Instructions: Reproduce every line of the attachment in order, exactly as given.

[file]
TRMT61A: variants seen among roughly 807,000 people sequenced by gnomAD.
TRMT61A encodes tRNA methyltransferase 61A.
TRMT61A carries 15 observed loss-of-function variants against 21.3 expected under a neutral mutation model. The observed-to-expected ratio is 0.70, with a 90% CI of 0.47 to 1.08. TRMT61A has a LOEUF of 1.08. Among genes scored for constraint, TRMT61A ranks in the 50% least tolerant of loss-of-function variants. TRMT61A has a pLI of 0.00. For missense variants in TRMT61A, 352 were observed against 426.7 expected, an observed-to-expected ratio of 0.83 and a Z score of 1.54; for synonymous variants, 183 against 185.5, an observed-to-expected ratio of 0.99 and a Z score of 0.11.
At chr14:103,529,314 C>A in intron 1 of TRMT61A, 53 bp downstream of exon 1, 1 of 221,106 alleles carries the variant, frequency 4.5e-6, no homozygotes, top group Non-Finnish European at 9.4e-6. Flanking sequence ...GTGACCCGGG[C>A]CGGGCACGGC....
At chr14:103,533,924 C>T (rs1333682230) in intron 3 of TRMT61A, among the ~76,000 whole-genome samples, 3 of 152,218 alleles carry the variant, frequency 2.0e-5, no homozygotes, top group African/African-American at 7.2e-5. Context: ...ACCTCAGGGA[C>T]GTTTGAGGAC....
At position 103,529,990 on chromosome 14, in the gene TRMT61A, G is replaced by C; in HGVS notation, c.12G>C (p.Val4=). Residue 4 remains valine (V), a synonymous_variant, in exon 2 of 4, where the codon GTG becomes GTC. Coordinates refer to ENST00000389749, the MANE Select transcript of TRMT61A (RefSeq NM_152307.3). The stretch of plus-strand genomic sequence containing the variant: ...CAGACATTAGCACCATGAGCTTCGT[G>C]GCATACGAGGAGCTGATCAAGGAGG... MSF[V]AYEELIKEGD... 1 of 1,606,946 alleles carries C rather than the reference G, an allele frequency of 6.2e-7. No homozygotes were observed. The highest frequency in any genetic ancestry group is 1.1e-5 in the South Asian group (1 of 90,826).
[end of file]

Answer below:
TRMT61A: variants seen among roughly 807,000 people sequenced by gnomAD.
TRMT61A encodes tRNA methyltransferase 61A.
TRMT61A carries 15 observed loss-of-function variants against 21.3 expected under a neutral mutation model. The observed-to-expected ratio is 0.70, with a 90% CI of 0.47 to 1.08. TRMT61A has a LOEUF of 1.08. Among genes scored for constraint, TRMT61A ranks in the 50% least tolerant of loss-of-function variants. TRMT61A has a pLI of 0.00. For missense variants in TRMT61A, 352 were observed against 426.7 expected, an observed-to-expected ratio of 0.83 and a Z score of 1.54; for synonymous variants, 183 against 185.5, an observed-to-expected ratio of 0.99 and a Z score of 0.11.
At chr14:103,529,314 C>A in intron 1 of TRMT61A, 53 bp downstream of exon 1, 1 of 221,106 alleles carries the variant, frequency 4.5e-6, no homozygotes, top group Non-Finnish European at 9.4e-6. Flanking sequence ...GTGACCCGGG[C>A]CGGGCACGGC....
At chr14:103,533,924 C>T (rs1333682230) in intron 3 of TRMT61A, among the ~76,000 whole-genome samples, 3 of 152,218 alleles carry the variant, frequency 2.0e-5, no homozygotes, top group African/African-American at 7.2e-5. Context: ...ACCTCAGGGA[C>T]GTTTGAGGAC....
At position 103,529,990 on chromosome 14, in the gene TRMT61A, G is replaced by C; in HGVS notation, c.12G>C (p.Val4=). Residue 4 remains valine (V), a synonymous_variant, in exon 2 of 4, where the codon GTG becomes GTC. Coordinates refer to ENST00000389749, the MANE Select transcript of TRMT61A (RefSeq NM_152307.3). The stretch of plus-strand genomic sequence containing the variant: ...CAGACATTAGCACCATGAGCTTCGT[G>C]GCATACGAGGAGCTGATCAAGGAGG... MSF[V]AYEELIKEGD... 1 of 1,606,946 alleles carries C rather than the reference G, an allele frequency of 6.2e-7. No homozygotes were observed. The highest frequency in any genetic ancestry group is 1.1e-5 in the South Asian group (1 of 90,826).